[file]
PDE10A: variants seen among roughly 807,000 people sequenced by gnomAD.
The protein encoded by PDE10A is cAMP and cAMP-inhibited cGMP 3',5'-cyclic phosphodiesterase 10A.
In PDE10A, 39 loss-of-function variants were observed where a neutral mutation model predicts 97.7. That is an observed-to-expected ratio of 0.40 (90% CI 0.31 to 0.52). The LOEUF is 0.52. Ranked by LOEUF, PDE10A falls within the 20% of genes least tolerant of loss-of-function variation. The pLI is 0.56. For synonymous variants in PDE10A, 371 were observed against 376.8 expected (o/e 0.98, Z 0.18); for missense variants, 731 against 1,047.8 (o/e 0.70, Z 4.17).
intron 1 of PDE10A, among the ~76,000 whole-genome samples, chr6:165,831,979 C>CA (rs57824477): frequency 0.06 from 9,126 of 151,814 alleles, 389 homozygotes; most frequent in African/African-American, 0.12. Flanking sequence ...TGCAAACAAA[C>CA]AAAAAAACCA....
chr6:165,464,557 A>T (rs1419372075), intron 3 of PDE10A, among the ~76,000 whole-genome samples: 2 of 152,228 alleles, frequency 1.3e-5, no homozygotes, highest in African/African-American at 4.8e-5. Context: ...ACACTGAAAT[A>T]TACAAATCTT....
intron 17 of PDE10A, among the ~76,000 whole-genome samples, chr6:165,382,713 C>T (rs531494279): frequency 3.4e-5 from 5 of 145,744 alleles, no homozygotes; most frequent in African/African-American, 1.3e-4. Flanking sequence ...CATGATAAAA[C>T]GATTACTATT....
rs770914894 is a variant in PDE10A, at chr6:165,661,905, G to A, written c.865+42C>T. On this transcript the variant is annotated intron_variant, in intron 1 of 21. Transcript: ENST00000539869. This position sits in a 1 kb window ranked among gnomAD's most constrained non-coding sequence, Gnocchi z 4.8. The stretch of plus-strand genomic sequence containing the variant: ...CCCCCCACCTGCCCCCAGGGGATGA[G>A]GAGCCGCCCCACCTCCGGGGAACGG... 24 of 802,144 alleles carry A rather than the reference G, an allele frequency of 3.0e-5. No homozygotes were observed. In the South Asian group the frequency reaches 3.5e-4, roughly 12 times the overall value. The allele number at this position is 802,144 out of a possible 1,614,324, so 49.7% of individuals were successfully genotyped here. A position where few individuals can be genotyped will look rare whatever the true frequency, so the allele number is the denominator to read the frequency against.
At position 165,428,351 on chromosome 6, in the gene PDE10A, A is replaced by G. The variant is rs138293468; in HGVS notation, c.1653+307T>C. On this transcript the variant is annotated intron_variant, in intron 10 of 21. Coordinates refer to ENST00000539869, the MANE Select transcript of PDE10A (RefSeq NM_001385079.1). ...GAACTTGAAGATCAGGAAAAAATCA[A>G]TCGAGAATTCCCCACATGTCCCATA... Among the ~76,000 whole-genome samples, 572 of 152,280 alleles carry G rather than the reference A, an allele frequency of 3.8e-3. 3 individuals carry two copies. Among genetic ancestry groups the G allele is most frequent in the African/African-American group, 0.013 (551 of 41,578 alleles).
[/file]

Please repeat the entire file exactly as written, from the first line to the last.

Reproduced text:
PDE10A: variants seen among roughly 807,000 people sequenced by gnomAD.
The protein encoded by PDE10A is cAMP and cAMP-inhibited cGMP 3',5'-cyclic phosphodiesterase 10A.
In PDE10A, 39 loss-of-function variants were observed where a neutral mutation model predicts 97.7. That is an observed-to-expected ratio of 0.40 (90% CI 0.31 to 0.52). The LOEUF is 0.52. Ranked by LOEUF, PDE10A falls within the 20% of genes least tolerant of loss-of-function variation. The pLI is 0.56. For synonymous variants in PDE10A, 371 were observed against 376.8 expected (o/e 0.98, Z 0.18); for missense variants, 731 against 1,047.8 (o/e 0.70, Z 4.17).
intron 1 of PDE10A, among the ~76,000 whole-genome samples, chr6:165,831,979 C>CA (rs57824477): frequency 0.06 from 9,126 of 151,814 alleles, 389 homozygotes; most frequent in African/African-American, 0.12. Flanking sequence ...TGCAAACAAA[C>CA]AAAAAAACCA....
chr6:165,464,557 A>T (rs1419372075), intron 3 of PDE10A, among the ~76,000 whole-genome samples: 2 of 152,228 alleles, frequency 1.3e-5, no homozygotes, highest in African/African-American at 4.8e-5. Context: ...ACACTGAAAT[A>T]TACAAATCTT....
intron 17 of PDE10A, among the ~76,000 whole-genome samples, chr6:165,382,713 C>T (rs531494279): frequency 3.4e-5 from 5 of 145,744 alleles, no homozygotes; most frequent in African/African-American, 1.3e-4. Flanking sequence ...CATGATAAAA[C>T]GATTACTATT....
rs770914894 is a variant in PDE10A, at chr6:165,661,905, G to A, written c.865+42C>T. On this transcript the variant is annotated intron_variant, in intron 1 of 21. Transcript: ENST00000539869. This position sits in a 1 kb window ranked among gnomAD's most constrained non-coding sequence, Gnocchi z 4.8. The stretch of plus-strand genomic sequence containing the variant: ...CCCCCCACCTGCCCCCAGGGGATGA[G>A]GAGCCGCCCCACCTCCGGGGAACGG... 24 of 802,144 alleles carry A rather than the reference G, an allele frequency of 3.0e-5. No homozygotes were observed. In the South Asian group the frequency reaches 3.5e-4, roughly 12 times the overall value. The allele number at this position is 802,144 out of a possible 1,614,324, so 49.7% of individuals were successfully genotyped here. A position where few individuals can be genotyped will look rare whatever the true frequency, so the allele number is the denominator to read the frequency against.
At position 165,428,351 on chromosome 6, in the gene PDE10A, A is replaced by G. The variant is rs138293468; in HGVS notation, c.1653+307T>C. On this transcript the variant is annotated intron_variant, in intron 10 of 21. Coordinates refer to ENST00000539869, the MANE Select transcript of PDE10A (RefSeq NM_001385079.1). ...GAACTTGAAGATCAGGAAAAAATCA[A>G]TCGAGAATTCCCCACATGTCCCATA... Among the ~76,000 whole-genome samples, 572 of 152,280 alleles carry G rather than the reference A, an allele frequency of 3.8e-3. 3 individuals carry two copies. Among genetic ancestry groups the G allele is most frequent in the African/African-American group, 0.013 (551 of 41,578 alleles).